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 CTO.org - News Archive - June 7, 2018
The company made the posts private again within nine days, but the damage may have been done.

Watch it live here: Monday, June 11: 4 p.m. ET, 1 p.m. PT.

The blue-tongue skink hides an ultraviolet surprise for hungry predators.

Insomniac's PlayStation 4-exclusive Spider-Man game will launch this September, and it looks amazing. Here's what you can expect to see at E3 2018.

The social network wants to help creators get paid.

But it's not all romance and dragon kissy-face, because an evil hunter is out to add Toothless to his trophy case.

Trump may pull funding, but NASA doesn't want another Space Shuttle-like gap in the space program.

Watch it live here: Tuesday, June 12: 12:00 p.m. ET, 9:00 a.m. PT.

A new report says the botnet has more capabilities and affected more routers.

Slightly less ridiculous than a dongle, we gotta admit?

The clock is ticking on net neutrality's end.

Set to open later this year, Innovation will be part research facility, part movie studio.

No Allen wrench required.

CEO Sundar Pichai says the company will still work with the military though.

The relationship '-'raises national security concerns,'-" Sen. Mark Warner says.

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Most C-level executives and high-level IT managers see regulatory complexity as the primary reason more companies are not adopting blockchain distributed ledger technology (DLT), according to a recent survey.

The poll of 83 "senior professionals" from a variety of industries was done by Ernst & Young (EY) at its annual Global Blockchain Summit in San Francisco. Released this week, the results showed that 61% of respondents believe complex regulations are impeding adoption; 51% cited issues around integration with legacy technology; and almost half '-" 49% '-" pointed to a lack of general understanding of blockchain's capabilities.

Mobile web browsing is all about finding what you need quickly and with as little hassle as possible '-” well, in theory, anyway. In the real world, the act of surfing sites from your smartphone is often anything but efficient.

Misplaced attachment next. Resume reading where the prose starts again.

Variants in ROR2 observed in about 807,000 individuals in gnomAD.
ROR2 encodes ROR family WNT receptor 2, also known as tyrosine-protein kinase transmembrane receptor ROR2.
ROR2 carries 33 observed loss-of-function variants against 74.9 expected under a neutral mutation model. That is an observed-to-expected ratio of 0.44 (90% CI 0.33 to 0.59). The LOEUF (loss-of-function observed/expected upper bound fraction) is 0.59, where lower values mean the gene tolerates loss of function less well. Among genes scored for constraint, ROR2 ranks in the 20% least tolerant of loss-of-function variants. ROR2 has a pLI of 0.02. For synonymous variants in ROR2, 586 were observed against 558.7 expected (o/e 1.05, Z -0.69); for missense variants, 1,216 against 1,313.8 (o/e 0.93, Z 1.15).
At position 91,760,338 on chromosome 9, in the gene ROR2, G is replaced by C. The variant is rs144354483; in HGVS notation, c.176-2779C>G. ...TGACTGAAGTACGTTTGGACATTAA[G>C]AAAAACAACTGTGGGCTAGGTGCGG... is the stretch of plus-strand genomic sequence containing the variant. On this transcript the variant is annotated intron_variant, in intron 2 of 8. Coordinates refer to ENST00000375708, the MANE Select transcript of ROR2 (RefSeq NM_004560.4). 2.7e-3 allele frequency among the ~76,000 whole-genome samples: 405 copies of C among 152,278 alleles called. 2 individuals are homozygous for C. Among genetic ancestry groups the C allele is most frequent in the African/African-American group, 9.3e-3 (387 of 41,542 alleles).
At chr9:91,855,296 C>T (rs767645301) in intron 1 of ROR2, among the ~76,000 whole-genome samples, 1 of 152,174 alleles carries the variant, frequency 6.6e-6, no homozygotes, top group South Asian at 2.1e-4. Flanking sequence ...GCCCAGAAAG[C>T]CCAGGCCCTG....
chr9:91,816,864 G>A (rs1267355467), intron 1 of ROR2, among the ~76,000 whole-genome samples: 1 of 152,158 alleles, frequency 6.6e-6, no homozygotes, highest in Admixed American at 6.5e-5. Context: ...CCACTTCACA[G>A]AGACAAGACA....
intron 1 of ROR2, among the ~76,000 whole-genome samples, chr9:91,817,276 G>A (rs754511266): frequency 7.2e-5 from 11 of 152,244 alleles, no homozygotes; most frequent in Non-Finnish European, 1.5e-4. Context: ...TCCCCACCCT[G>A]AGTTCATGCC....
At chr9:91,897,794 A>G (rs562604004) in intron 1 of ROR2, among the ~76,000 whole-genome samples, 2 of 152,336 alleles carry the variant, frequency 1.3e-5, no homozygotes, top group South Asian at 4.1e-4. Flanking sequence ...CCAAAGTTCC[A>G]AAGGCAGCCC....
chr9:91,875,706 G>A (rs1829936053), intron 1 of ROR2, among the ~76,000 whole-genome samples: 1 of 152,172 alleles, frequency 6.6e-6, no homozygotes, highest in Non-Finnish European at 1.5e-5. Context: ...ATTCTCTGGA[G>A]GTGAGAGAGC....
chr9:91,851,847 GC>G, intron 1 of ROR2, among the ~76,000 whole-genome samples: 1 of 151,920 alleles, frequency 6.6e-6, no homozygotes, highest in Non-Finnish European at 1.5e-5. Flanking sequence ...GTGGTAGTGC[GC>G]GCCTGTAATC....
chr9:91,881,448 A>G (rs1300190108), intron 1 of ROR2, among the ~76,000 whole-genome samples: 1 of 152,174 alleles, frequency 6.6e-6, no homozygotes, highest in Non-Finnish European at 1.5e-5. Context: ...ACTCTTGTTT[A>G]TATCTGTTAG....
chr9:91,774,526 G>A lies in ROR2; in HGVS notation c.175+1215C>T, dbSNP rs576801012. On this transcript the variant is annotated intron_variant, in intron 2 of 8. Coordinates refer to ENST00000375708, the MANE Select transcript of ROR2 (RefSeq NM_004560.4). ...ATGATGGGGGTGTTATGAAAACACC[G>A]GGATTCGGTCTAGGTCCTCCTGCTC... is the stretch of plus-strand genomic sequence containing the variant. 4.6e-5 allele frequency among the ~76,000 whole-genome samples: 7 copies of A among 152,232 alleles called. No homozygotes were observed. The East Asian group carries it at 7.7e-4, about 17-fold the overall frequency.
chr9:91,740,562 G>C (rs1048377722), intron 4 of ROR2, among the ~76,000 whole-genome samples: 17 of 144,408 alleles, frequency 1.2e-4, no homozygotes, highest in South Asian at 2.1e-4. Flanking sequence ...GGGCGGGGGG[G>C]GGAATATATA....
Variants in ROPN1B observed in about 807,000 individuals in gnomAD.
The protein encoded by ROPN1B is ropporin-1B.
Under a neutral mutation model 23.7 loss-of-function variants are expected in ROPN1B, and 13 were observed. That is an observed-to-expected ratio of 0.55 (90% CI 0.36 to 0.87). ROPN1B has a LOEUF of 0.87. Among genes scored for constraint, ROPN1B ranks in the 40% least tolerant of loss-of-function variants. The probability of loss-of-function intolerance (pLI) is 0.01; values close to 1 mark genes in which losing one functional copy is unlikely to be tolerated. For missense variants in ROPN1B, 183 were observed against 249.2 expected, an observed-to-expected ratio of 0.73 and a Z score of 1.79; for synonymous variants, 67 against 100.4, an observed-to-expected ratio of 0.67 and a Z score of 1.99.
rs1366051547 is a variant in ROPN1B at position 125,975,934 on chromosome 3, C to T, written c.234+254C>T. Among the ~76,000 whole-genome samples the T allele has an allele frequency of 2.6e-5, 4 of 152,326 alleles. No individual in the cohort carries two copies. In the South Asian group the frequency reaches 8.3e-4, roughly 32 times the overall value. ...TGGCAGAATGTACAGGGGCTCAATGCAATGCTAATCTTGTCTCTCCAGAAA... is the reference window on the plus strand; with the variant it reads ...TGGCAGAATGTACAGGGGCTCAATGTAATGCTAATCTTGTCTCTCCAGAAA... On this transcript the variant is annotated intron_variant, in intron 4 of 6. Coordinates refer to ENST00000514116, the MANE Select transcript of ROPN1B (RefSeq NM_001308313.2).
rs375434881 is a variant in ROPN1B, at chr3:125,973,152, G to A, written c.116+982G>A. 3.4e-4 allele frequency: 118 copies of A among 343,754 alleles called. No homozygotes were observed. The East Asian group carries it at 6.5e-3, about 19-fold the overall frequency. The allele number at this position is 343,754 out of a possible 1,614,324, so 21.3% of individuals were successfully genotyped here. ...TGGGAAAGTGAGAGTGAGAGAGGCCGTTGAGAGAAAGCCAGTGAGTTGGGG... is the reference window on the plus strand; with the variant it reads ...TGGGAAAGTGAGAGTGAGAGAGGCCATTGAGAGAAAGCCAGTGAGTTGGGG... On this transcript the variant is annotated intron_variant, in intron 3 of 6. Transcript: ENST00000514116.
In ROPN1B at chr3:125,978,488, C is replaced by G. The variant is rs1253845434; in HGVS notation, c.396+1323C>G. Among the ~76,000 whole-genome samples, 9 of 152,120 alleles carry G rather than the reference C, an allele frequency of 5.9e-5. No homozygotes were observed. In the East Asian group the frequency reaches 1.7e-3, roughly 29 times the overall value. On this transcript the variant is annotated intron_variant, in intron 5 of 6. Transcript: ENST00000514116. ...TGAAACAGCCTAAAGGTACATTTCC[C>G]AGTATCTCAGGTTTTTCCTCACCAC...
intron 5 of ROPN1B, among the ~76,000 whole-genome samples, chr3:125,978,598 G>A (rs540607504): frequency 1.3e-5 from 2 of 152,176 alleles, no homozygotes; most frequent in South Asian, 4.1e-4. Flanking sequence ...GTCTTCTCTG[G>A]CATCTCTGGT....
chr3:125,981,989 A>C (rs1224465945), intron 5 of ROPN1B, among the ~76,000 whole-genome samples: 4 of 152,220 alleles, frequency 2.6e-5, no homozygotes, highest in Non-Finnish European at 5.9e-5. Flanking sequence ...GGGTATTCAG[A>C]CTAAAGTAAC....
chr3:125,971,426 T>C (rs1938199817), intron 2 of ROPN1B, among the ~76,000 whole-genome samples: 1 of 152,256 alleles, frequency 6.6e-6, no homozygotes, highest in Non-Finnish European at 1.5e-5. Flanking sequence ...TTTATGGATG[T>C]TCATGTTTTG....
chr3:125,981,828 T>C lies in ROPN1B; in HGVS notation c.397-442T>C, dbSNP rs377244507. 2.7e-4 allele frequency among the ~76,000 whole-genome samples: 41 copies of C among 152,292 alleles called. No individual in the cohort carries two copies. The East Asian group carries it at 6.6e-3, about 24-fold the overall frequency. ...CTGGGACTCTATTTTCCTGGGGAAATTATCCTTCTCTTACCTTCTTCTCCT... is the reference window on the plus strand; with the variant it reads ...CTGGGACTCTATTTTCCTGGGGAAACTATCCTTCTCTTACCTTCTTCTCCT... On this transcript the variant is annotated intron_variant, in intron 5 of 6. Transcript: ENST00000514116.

From sites that have not-so-friendly mobile interfaces to browser commands that take far too many steps to execute, hopping around the World Wide Internuts from a handheld device can frequently leave something to be desired.

Fear not, though, my fellow finger-tappers: There are plenty of tricks you can learn to make your mobile web journey more pleasant and productive. Try these next-level tips for Google's Chrome Android browser and get ready for a much better mobile browsing experience.

Microsoft never sleeps. Even before the Windows 10 April 2018 Update (version 1803) started to roll out, the company began work on the next major update to Windows 10, code-named Redstone 5 and due to be released this autumn. As it did with the April 2018 Update, Microsoft has been releasing a series of public preview builds to members of Microsoft's Insider Program.

What follows is a list of every preview build of Redstone 5, starting with the most recent. For each build, we've included the date of its release, a summary of what'-™s in the build and a link to Microsoft's announcement about it. After that you'-™ll find summaries of all the preview builds that led up to the Windows 10 April 2018 Update (Redstone 4), the Windows 10 Fall Creators Update (Redstone 3) and the Windows 10 Creators Update (Redstone 2).

Let's not beat around the bush: In the first Android P beta release, Google's new gesture navigation system was a steamin' hot mess. It was glitchy, inconsistent, and confusing.

It was also, however, part of Android P's first public beta '-” software not intended for widespread public use '-” and so we have to expect a certain amount of imperfection. You can't judge a product when the recipe's still in flux and the baking's nowhere near finished.

With the launch of Android P's second official beta this week, we're a step closer to completion '-” and after using the new software for nearly a day now, I'm happy to report that the new gesture navigation system has, in fact, gotten better. Much better.

Google's Android mobile operating system is based on open-source software, but some of the most useful parts of it '-" Maps and Search, for instance '-" are proprietary, and the company makes sure that anyone wanting to use those features has to use other services that make it money too.

If an investigation by the European Union's antitrust authority finds that that behavior constitutes abuse of a dominant market position, it could expose Google to a fine of up to $11 billion.

While the fine won't have much effect on Android users, device makers or service providers, the legal remedies that usually accompany such findings could mean bigger changes to the way Google licenses Android, and in particular access to its search tools and Play store.

You could be forgiven for thinking Apple'-™s iOS 12 is all about fun consumer features, but when iPhones account for a healthy chunk of mobile enterprise deployments, you need to look a little deeper than that.